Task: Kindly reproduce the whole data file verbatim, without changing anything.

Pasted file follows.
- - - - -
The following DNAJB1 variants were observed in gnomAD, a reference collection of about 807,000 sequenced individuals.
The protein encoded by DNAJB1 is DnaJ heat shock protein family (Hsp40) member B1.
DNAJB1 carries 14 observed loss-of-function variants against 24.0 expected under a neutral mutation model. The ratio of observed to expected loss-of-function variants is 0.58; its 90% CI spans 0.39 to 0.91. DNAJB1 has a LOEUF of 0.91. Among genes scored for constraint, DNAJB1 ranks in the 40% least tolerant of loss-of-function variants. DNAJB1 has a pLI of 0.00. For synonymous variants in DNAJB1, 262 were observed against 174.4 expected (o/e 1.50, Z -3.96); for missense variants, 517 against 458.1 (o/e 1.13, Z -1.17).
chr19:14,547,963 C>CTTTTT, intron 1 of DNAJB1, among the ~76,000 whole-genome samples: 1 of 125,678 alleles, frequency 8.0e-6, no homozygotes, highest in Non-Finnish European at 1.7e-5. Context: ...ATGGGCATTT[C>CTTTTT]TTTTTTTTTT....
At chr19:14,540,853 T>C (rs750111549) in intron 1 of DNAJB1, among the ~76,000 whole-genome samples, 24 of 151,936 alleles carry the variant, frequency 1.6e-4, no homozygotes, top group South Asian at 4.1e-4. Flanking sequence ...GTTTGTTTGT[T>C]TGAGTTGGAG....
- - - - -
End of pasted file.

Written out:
The following DNAJB1 variants were observed in gnomAD, a reference collection of about 807,000 sequenced individuals.
The protein encoded by DNAJB1 is DnaJ heat shock protein family (Hsp40) member B1.
DNAJB1 carries 14 observed loss-of-function variants against 24.0 expected under a neutral mutation model. The ratio of observed to expected loss-of-function variants is 0.58; its 90% CI spans 0.39 to 0.91. DNAJB1 has a LOEUF of 0.91. Among genes scored for constraint, DNAJB1 ranks in the 40% least tolerant of loss-of-function variants. DNAJB1 has a pLI of 0.00. For synonymous variants in DNAJB1, 262 were observed against 174.4 expected (o/e 1.50, Z -3.96); for missense variants, 517 against 458.1 (o/e 1.13, Z -1.17).
chr19:14,547,963 C>CTTTTT, intron 1 of DNAJB1, among the ~76,000 whole-genome samples: 1 of 125,678 alleles, frequency 8.0e-6, no homozygotes, highest in Non-Finnish European at 1.7e-5. Context: ...ATGGGCATTT[C>CTTTTT]TTTTTTTTTT....
At chr19:14,540,853 T>C (rs750111549) in intron 1 of DNAJB1, among the ~76,000 whole-genome samples, 24 of 151,936 alleles carry the variant, frequency 1.6e-4, no homozygotes, top group South Asian at 4.1e-4. Flanking sequence ...GTTTGTTTGT[T>C]TGAGTTGGAG....